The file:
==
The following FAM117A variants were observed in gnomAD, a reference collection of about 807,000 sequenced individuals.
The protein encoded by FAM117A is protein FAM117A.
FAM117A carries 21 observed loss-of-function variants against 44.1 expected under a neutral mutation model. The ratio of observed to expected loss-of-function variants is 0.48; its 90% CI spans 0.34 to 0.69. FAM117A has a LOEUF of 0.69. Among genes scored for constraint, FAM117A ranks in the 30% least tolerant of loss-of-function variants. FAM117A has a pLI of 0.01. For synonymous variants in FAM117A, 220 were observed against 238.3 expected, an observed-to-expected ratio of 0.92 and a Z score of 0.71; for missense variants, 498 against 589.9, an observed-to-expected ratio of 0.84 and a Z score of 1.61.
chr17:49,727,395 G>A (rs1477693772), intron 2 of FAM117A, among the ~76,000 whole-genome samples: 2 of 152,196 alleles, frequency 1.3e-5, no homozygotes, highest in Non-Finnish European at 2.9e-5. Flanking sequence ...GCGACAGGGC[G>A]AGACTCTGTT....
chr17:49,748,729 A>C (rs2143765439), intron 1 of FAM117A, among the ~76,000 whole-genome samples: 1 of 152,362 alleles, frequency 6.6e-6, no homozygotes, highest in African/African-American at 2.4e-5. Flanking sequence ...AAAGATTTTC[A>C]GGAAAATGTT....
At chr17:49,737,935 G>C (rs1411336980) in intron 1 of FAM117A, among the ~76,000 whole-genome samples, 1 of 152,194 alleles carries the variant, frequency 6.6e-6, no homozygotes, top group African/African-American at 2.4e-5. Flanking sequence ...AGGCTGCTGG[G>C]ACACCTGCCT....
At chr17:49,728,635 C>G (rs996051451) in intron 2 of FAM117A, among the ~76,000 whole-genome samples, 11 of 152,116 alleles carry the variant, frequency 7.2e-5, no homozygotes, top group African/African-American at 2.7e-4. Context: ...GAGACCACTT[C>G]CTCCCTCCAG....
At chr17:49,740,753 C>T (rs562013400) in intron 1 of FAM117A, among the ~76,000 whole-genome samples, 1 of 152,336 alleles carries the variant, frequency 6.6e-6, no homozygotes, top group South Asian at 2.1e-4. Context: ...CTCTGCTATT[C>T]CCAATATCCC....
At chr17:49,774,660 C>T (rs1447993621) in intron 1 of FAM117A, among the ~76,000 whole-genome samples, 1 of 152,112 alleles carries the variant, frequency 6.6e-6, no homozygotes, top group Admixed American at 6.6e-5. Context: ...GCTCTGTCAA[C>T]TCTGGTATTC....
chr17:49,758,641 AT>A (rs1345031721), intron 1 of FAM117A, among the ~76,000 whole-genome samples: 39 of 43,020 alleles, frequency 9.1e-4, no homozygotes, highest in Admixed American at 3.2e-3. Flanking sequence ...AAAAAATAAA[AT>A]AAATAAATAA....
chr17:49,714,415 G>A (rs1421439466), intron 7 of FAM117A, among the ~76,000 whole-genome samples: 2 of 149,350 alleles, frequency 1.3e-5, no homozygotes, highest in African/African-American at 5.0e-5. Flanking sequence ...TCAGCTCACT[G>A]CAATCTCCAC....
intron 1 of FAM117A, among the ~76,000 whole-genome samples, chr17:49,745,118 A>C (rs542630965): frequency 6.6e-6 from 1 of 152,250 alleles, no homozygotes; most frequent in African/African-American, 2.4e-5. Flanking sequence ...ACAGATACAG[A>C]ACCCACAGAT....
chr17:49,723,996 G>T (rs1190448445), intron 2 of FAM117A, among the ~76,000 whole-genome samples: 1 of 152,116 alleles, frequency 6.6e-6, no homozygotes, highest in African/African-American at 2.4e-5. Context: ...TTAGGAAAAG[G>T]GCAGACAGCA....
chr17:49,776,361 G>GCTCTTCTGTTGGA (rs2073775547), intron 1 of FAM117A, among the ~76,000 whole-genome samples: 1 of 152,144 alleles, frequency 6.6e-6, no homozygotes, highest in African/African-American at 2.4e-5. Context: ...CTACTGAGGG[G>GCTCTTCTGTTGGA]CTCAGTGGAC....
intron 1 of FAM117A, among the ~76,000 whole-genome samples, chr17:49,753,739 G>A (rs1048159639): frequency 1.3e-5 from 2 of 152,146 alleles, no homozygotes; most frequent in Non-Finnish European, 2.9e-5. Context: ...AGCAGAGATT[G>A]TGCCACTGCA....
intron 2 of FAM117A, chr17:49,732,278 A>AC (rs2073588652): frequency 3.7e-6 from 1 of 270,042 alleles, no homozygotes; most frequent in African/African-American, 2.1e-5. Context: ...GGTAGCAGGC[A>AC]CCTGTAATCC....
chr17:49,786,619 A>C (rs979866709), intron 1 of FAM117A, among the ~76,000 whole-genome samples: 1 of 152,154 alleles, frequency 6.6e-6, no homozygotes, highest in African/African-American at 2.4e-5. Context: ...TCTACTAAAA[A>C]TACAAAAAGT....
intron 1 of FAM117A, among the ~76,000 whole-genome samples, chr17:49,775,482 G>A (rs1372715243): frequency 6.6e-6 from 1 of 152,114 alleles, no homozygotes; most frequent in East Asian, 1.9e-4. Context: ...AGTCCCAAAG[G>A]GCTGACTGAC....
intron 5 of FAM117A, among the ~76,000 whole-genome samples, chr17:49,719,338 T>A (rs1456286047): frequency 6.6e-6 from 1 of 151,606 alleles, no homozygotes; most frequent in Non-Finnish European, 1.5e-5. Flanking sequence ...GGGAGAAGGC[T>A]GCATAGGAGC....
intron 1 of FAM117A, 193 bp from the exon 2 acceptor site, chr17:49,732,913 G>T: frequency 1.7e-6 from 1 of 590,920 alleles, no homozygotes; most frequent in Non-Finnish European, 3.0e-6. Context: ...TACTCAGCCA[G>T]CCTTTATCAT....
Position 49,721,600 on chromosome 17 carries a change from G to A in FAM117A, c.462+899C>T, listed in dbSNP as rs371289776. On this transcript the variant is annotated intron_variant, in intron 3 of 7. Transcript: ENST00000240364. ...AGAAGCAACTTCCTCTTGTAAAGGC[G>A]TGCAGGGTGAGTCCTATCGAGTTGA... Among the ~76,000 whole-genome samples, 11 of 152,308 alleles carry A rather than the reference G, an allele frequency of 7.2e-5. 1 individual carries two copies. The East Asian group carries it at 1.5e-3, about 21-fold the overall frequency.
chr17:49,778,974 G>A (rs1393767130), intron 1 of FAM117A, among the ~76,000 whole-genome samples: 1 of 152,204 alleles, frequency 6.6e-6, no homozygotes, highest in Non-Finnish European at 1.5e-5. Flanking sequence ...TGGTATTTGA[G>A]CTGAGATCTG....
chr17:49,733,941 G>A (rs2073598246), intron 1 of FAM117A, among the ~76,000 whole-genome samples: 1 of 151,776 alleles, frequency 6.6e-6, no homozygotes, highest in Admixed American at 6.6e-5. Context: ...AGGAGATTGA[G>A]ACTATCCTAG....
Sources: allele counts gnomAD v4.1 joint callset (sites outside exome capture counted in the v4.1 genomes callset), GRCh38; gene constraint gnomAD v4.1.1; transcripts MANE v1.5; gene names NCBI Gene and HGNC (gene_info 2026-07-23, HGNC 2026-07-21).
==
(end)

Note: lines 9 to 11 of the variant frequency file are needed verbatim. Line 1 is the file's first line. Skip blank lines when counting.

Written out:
At chr17:49,774,660 C>T (rs1447993621) in intron 1 of FAM117A, among the ~76,000 whole-genome samples, 1 of 152,112 alleles carries the variant, frequency 6.6e-6, no homozygotes, top group Admixed American at 6.6e-5. Context: ...GCTCTGTCAA[C>T]TCTGGTATTC....
chr17:49,758,641 AT>A (rs1345031721), intron 1 of FAM117A, among the ~76,000 whole-genome samples: 39 of 43,020 alleles, frequency 9.1e-4, no homozygotes, highest in Admixed American at 3.2e-3. Flanking sequence ...AAAAAATAAA[AT>A]AAATAAATAA....
chr17:49,714,415 G>A (rs1421439466), intron 7 of FAM117A, among the ~76,000 whole-genome samples: 2 of 149,350 alleles, frequency 1.3e-5, no homozygotes, highest in African/African-American at 5.0e-5. Flanking sequence ...TCAGCTCACT[G>A]CAATCTCCAC....